About Double Vision
Double vision, which is also known as diplopia, can be temporary or long-lasting, depending on the causes or possible multiple causes. The double image can appear horizontally, vertically, or torsionally (twisted). True double vision involves seeing two images, one from each eye. If two images are seen in only one eye, this might be a sign of a different problem.
When your child is seeing double it can be very worrisome for parents and adults with double vision may find it hard to do the things they need or want to do, but the specialists in pediatric ophthalmology and strabismus at Columbia are experts in diagnosing the cause of the double vision and making sure your child or you receive the best possible treatment.
Strabismus is an eye muscle disorder that is the most common cause of double vision in children, adolescents, and adults. Since the eyes are not aligned properly, two separate images of the same object may appear. However, double vision can occur in a variety of conditions ranging from mild and easily treatable to more severe, neurological, and even life-threatening, especially if it is the result of an underlying health condition. Therefore, double vision should never be ignored.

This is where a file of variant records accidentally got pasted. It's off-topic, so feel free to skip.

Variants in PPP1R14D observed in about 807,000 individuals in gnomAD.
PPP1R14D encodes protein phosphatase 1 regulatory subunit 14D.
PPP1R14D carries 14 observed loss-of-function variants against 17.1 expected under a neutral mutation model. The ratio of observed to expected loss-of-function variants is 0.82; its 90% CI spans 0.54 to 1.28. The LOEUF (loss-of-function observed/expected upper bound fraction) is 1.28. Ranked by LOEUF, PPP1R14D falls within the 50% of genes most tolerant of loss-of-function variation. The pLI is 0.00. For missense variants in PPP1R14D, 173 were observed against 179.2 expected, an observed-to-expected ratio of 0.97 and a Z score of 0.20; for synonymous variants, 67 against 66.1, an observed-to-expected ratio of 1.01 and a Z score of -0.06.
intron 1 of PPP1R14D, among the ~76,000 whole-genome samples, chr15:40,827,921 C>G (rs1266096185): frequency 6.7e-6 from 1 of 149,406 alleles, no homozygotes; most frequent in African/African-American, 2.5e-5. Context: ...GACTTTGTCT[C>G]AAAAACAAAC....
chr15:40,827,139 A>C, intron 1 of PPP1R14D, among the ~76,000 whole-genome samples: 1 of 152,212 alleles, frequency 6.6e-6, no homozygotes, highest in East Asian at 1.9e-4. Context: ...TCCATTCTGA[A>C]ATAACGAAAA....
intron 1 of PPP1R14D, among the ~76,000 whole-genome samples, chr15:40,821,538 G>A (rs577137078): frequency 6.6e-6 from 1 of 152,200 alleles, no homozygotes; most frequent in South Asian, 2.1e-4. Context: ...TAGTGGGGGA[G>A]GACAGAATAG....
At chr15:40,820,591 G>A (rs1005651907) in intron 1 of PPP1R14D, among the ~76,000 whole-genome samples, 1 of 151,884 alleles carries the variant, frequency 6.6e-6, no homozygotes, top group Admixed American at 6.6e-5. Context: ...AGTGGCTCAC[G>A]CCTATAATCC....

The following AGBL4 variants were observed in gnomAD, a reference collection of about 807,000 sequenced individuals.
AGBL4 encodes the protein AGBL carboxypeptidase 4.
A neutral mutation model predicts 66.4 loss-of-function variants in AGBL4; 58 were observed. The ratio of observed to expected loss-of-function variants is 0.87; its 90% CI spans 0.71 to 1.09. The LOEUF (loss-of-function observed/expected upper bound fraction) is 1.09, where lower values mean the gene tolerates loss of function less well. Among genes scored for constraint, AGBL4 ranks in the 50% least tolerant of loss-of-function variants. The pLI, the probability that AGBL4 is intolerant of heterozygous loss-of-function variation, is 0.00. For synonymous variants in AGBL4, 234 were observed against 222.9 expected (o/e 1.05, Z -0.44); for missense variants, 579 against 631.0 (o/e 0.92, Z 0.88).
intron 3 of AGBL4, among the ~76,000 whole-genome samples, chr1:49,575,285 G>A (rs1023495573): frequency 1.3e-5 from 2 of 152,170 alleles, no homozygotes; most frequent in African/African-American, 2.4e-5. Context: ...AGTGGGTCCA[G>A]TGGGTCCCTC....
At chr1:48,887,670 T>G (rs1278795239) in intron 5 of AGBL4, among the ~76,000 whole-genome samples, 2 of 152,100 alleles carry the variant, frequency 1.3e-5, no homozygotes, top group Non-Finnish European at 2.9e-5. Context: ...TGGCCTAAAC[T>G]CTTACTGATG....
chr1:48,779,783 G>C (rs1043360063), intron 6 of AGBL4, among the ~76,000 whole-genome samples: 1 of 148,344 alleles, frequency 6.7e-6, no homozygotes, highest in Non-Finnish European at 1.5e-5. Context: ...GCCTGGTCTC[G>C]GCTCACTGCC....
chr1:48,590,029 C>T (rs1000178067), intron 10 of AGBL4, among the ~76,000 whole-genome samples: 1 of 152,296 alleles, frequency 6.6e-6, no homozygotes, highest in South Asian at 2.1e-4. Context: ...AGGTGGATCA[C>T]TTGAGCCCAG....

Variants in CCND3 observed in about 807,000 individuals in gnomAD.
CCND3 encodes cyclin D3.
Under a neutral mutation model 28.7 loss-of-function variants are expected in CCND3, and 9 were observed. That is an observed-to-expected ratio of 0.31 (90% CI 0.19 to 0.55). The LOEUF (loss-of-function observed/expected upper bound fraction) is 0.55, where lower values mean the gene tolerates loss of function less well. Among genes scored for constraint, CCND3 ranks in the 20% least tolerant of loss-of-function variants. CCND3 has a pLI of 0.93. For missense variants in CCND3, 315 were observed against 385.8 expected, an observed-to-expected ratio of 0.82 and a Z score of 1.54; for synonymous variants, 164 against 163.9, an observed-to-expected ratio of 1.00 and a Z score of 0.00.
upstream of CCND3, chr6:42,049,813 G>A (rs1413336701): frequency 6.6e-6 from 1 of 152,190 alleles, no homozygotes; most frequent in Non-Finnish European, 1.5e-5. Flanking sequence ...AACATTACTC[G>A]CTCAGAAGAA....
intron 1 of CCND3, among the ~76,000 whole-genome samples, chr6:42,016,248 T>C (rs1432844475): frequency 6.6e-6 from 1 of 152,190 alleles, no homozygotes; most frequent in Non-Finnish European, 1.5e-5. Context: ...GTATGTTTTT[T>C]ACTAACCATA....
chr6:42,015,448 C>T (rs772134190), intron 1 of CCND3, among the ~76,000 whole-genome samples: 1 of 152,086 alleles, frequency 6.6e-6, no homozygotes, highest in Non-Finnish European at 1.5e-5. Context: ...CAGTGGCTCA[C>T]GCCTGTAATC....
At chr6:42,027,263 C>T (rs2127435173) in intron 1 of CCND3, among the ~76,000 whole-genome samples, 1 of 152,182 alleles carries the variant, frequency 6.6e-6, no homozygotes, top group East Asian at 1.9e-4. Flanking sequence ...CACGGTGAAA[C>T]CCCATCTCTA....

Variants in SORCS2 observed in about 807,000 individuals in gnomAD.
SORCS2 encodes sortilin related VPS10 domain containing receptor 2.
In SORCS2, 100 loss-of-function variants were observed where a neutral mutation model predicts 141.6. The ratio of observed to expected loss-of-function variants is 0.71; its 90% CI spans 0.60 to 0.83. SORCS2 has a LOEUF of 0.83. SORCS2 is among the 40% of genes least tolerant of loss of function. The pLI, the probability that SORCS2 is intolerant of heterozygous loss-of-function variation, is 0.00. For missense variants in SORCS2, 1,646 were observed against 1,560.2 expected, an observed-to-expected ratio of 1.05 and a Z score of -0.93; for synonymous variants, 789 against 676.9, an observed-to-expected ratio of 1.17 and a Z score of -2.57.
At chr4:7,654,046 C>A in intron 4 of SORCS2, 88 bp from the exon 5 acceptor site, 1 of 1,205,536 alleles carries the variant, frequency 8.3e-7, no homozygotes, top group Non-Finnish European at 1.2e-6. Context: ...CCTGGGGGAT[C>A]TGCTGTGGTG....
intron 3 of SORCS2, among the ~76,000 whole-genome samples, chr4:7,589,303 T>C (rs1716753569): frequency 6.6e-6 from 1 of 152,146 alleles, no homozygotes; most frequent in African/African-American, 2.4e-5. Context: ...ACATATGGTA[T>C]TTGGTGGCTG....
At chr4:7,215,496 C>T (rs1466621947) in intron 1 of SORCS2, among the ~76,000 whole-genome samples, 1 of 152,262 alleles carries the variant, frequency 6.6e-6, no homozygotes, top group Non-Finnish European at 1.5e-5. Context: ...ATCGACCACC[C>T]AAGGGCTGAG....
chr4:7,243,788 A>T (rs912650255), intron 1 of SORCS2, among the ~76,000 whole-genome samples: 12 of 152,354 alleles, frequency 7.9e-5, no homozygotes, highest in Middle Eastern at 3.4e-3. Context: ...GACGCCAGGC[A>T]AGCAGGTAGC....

Conditions We Treat
There are many other possible causes of double vision in children, adolescents, and adults. These conditions may include:
- Dry Eye
- Keratoconus (outward bulging of the cornea)
- Traumatic brain injury
- Brain conditions such as swelling, tumor, or aneurysm
- Thyroid dysfunction
- Certain medications
It is important to recognize the telltale signs that your child is seeing double, such as squinting, or moving their head strangely to look at objects, or even covering one eye at a time. Columbia ophthalmologists have a variety of ways to check for double vision when examining your child or you.
Treatments We Offer
Treating the double vision will depend on the cause. If strabismus is present, then glasses, eye exercises and/or surgery can correct the misalignment that is causing the diplopia. Corrective prism lenses can reduce double vision, or even eye patches can be used if the diplopia is caused by amblyopia or “lazy” eye.
If the problem is more complex, we offer a multidisciplinary approach with our team of pediatric specialists available.
Why Choose Columbia?
At Columbia, your team of pediatric ophthalmologists will coordinate your child’s care and work together to diagnose and refer to other experts as needed. Our pediatric ophthalmologists, combined with our state-of-the-art facilities, Columbia’s innovative eye research, and Morgan Stanley Children’s Hospital, will ensure that your child receives the most advanced eye care.